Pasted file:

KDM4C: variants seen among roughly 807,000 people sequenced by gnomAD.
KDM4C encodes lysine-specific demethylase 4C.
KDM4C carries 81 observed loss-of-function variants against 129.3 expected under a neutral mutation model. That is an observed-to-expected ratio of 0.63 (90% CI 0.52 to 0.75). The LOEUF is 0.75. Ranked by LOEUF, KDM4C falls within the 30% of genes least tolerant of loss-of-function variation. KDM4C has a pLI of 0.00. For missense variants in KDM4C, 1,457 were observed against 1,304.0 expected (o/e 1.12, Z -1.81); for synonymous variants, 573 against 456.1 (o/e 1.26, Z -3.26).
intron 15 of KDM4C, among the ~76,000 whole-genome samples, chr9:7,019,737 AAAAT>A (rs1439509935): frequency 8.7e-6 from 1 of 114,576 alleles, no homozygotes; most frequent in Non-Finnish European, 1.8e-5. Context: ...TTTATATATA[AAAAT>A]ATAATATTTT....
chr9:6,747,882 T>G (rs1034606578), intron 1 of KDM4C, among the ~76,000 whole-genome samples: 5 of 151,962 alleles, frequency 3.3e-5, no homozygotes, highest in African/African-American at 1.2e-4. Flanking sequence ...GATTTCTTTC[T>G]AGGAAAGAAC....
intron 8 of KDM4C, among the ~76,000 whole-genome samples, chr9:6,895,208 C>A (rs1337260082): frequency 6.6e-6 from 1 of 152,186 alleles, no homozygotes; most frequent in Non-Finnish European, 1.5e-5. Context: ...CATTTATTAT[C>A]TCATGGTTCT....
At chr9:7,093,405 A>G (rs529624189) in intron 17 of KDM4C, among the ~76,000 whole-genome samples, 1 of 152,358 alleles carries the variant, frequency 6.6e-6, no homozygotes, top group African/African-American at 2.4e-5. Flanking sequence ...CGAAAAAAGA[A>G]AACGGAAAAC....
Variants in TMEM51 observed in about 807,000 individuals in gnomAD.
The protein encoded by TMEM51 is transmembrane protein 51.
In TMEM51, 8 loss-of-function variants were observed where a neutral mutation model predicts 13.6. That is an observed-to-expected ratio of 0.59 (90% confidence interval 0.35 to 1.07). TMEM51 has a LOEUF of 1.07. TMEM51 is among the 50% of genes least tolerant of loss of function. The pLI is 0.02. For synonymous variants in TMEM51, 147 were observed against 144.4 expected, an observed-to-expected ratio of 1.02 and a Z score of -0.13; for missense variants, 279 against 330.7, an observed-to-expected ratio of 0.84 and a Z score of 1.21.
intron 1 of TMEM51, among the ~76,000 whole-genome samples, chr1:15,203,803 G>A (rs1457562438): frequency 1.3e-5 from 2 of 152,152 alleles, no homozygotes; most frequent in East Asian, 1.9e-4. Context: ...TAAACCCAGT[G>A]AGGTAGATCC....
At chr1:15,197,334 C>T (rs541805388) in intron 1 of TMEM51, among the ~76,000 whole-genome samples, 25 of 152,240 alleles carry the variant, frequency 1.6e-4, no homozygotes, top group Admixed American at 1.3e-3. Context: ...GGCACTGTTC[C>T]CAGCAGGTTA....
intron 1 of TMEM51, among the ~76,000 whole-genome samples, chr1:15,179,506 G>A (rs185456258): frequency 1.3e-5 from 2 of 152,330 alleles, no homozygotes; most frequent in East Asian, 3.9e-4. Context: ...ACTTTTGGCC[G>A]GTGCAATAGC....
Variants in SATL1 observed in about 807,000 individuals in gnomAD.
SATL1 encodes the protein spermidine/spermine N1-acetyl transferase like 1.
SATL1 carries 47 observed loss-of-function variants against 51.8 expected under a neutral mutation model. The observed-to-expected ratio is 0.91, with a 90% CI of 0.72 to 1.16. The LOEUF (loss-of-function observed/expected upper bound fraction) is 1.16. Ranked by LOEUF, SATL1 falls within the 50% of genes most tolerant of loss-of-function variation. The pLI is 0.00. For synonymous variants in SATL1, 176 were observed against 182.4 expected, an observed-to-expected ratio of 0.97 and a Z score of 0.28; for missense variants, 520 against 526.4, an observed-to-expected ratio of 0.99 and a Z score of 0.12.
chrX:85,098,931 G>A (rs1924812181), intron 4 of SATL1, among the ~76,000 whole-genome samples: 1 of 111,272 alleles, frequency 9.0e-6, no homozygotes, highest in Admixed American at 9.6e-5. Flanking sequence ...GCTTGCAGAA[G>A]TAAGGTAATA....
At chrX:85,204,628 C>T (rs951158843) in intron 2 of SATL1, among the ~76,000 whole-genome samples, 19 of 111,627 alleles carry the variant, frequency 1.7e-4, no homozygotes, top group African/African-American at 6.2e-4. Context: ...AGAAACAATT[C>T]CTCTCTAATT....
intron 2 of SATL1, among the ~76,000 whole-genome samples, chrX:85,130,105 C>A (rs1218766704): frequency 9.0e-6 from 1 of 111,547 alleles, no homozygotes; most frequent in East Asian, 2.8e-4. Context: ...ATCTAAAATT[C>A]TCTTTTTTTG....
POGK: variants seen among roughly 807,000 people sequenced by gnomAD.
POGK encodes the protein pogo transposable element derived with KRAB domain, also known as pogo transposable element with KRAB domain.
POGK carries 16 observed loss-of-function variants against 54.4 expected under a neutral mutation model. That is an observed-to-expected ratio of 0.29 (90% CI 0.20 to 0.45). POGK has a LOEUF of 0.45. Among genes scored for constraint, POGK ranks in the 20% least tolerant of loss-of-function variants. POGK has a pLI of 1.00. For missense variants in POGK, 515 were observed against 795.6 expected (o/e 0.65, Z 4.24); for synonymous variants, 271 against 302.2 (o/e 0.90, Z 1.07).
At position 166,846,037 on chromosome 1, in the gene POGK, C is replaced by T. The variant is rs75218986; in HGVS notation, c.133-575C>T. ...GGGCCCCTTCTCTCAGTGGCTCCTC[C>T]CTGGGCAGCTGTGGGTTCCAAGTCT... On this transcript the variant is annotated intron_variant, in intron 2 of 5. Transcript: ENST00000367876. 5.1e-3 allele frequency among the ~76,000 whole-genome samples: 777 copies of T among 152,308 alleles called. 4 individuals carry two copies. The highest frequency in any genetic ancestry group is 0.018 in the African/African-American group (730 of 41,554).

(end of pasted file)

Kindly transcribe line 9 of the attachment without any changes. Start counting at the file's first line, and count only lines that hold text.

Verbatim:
The protein encoded by TMEM51 is transmembrane protein 51.